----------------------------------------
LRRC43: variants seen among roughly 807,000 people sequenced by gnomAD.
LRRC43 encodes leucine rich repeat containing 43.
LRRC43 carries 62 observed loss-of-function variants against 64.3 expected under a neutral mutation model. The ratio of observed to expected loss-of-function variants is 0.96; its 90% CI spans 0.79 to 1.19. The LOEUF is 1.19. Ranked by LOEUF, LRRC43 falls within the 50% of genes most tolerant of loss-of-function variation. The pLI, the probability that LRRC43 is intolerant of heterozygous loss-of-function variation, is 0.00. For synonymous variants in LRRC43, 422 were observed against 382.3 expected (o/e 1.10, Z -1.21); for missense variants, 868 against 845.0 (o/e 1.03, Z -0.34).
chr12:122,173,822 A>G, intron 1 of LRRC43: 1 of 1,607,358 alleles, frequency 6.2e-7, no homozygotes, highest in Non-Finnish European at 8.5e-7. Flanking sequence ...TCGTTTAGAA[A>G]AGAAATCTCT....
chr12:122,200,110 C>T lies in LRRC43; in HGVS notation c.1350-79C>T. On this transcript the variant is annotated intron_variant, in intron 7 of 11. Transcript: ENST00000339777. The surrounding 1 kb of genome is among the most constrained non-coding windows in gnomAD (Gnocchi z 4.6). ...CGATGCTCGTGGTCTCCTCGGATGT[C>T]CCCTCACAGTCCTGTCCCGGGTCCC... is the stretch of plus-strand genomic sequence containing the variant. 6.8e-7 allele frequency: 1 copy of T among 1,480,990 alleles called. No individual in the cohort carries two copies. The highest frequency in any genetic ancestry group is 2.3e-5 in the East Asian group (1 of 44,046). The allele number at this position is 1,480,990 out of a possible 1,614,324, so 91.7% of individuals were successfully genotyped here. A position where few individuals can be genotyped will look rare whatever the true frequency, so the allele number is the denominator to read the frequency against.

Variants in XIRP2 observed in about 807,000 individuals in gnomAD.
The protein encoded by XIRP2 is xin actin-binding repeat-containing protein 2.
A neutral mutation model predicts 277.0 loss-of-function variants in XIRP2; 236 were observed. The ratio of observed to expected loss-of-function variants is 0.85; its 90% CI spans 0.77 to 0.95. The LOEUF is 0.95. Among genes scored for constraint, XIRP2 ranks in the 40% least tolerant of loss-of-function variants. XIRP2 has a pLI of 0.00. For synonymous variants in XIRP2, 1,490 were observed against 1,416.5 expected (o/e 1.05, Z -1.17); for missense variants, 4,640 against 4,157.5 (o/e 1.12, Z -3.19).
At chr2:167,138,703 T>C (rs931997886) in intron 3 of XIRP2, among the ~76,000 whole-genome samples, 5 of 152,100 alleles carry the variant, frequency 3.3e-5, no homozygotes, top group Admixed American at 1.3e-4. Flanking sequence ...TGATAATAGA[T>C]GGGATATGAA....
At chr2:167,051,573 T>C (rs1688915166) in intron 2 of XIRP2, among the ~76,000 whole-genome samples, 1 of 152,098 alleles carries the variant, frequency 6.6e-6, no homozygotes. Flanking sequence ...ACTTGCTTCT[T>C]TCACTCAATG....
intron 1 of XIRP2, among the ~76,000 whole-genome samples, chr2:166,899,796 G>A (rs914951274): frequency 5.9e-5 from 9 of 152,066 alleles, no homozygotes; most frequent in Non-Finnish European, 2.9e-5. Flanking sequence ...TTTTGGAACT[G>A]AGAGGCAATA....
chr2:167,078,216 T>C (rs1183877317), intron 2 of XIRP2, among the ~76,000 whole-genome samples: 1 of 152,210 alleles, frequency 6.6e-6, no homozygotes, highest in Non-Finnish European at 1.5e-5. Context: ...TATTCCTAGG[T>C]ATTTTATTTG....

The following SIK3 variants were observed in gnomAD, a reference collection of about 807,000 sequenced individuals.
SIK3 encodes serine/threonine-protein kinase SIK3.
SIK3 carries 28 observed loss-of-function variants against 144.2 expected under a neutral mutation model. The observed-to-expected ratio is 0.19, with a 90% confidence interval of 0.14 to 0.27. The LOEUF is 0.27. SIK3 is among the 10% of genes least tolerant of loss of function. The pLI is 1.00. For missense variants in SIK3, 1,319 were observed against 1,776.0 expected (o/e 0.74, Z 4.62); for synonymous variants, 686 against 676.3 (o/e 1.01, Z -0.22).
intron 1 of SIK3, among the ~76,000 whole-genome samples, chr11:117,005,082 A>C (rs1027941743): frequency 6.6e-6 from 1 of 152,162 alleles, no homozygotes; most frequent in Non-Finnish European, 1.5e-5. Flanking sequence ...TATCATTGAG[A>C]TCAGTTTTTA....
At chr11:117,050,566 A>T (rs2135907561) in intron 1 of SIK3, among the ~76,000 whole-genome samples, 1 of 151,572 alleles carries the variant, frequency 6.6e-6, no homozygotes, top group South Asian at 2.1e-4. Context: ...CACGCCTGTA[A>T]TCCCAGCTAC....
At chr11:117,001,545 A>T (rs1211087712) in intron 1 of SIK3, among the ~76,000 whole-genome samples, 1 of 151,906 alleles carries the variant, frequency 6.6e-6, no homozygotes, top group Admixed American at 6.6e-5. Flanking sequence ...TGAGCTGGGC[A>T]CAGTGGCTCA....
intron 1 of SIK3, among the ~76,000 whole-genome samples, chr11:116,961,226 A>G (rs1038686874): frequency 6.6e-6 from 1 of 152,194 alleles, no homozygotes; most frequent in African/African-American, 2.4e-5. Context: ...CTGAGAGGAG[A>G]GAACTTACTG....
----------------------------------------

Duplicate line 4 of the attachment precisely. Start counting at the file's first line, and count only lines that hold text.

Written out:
chr12:122,173,822 A>G, intron 1 of LRRC43: 1 of 1,607,358 alleles, frequency 6.2e-7, no homozygotes, highest in Non-Finnish European at 8.5e-7. Flanking sequence ...TCGTTTAGAA[A>G]AGAAATCTCT....